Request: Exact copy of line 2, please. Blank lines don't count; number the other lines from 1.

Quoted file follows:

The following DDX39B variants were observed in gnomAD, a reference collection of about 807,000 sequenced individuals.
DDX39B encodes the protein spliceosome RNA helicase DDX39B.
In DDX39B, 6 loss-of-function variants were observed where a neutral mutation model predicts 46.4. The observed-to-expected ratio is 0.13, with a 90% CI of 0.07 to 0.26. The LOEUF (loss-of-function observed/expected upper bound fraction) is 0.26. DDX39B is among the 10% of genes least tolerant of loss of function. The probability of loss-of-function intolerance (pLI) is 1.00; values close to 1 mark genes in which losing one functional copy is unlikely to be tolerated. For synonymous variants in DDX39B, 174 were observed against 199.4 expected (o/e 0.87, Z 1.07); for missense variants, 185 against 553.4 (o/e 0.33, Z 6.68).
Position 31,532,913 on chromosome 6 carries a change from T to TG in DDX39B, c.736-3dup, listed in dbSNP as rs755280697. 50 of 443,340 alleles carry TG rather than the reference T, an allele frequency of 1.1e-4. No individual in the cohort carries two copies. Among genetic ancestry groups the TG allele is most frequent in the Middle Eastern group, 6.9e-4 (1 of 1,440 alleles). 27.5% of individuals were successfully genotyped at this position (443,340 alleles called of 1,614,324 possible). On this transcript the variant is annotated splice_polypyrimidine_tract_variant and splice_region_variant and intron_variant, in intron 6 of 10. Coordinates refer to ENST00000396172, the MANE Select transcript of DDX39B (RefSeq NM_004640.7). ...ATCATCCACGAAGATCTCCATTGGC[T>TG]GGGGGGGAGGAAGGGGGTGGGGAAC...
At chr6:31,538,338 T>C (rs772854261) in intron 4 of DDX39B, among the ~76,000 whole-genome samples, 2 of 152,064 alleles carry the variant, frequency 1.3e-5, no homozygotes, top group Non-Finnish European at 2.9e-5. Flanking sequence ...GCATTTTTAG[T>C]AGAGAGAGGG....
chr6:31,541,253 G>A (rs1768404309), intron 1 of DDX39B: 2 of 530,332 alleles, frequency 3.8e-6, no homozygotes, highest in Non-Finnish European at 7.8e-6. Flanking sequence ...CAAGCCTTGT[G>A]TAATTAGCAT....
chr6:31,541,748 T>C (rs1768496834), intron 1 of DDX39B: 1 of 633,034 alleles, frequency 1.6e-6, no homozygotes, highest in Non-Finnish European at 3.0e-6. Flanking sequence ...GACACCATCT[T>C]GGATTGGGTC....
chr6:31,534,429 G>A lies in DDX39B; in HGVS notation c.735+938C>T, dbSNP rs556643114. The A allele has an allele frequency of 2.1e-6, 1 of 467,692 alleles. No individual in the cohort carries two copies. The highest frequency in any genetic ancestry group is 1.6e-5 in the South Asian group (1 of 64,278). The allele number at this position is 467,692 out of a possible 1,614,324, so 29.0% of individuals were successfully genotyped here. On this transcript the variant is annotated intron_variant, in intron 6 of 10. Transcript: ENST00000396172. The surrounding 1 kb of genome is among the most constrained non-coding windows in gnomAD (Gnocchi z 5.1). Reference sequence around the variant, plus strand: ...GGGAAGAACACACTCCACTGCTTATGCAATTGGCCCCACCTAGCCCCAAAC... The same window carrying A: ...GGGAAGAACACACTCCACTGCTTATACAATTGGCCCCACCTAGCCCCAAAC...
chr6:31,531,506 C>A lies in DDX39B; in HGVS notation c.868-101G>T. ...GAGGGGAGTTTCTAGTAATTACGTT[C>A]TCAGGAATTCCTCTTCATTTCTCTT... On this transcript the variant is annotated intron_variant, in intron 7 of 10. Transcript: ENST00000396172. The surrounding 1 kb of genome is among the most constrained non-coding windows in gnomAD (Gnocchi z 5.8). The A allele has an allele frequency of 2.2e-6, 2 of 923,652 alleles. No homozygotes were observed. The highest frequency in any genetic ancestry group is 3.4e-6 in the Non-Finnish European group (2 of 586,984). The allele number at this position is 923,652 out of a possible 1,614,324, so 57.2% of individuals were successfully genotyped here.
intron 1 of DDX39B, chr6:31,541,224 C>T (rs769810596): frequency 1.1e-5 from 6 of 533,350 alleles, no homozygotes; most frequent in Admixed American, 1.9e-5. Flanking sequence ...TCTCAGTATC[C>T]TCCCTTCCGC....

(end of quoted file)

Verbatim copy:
DDX39B encodes the protein spliceosome RNA helicase DDX39B.